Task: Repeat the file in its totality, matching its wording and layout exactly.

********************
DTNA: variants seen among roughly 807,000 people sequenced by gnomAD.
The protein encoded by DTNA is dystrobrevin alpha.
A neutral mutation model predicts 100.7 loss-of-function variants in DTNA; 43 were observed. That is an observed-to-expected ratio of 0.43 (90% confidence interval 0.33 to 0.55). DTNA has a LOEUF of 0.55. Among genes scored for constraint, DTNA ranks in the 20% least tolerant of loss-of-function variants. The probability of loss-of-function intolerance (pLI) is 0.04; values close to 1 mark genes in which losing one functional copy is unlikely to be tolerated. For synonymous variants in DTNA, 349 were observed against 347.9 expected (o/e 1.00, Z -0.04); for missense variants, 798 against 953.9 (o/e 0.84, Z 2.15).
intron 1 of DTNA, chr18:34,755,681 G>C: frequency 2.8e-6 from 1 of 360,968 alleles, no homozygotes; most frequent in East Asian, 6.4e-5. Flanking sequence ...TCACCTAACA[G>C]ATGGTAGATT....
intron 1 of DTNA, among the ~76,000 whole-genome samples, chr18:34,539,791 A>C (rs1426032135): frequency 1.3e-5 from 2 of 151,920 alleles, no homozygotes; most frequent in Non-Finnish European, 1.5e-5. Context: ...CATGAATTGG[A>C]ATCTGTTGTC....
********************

DTNA: variants seen among roughly 807,000 people sequenced by gnomAD.
The protein encoded by DTNA is dystrobrevin alpha.
A neutral mutation model predicts 100.7 loss-of-function variants in DTNA; 43 were observed. That is an observed-to-expected ratio of 0.43 (90% confidence interval 0.33 to 0.55). DTNA has a LOEUF of 0.55. Among genes scored for constraint, DTNA ranks in the 20% least tolerant of loss-of-function variants. The probability of loss-of-function intolerance (pLI) is 0.04; values close to 1 mark genes in which losing one functional copy is unlikely to be tolerated. For synonymous variants in DTNA, 349 were observed against 347.9 expected (o/e 1.00, Z -0.04); for missense variants, 798 against 953.9 (o/e 0.84, Z 2.15).
intron 1 of DTNA, chr18:34,755,681 G>C: frequency 2.8e-6 from 1 of 360,968 alleles, no homozygotes; most frequent in East Asian, 6.4e-5. Flanking sequence ...TCACCTAACA[G>C]ATGGTAGATT....
intron 1 of DTNA, among the ~76,000 whole-genome samples, chr18:34,539,791 A>C (rs1426032135): frequency 1.3e-5 from 2 of 151,920 alleles, no homozygotes; most frequent in Non-Finnish European, 1.5e-5. Context: ...CATGAATTGG[A>C]ATCTGTTGTC....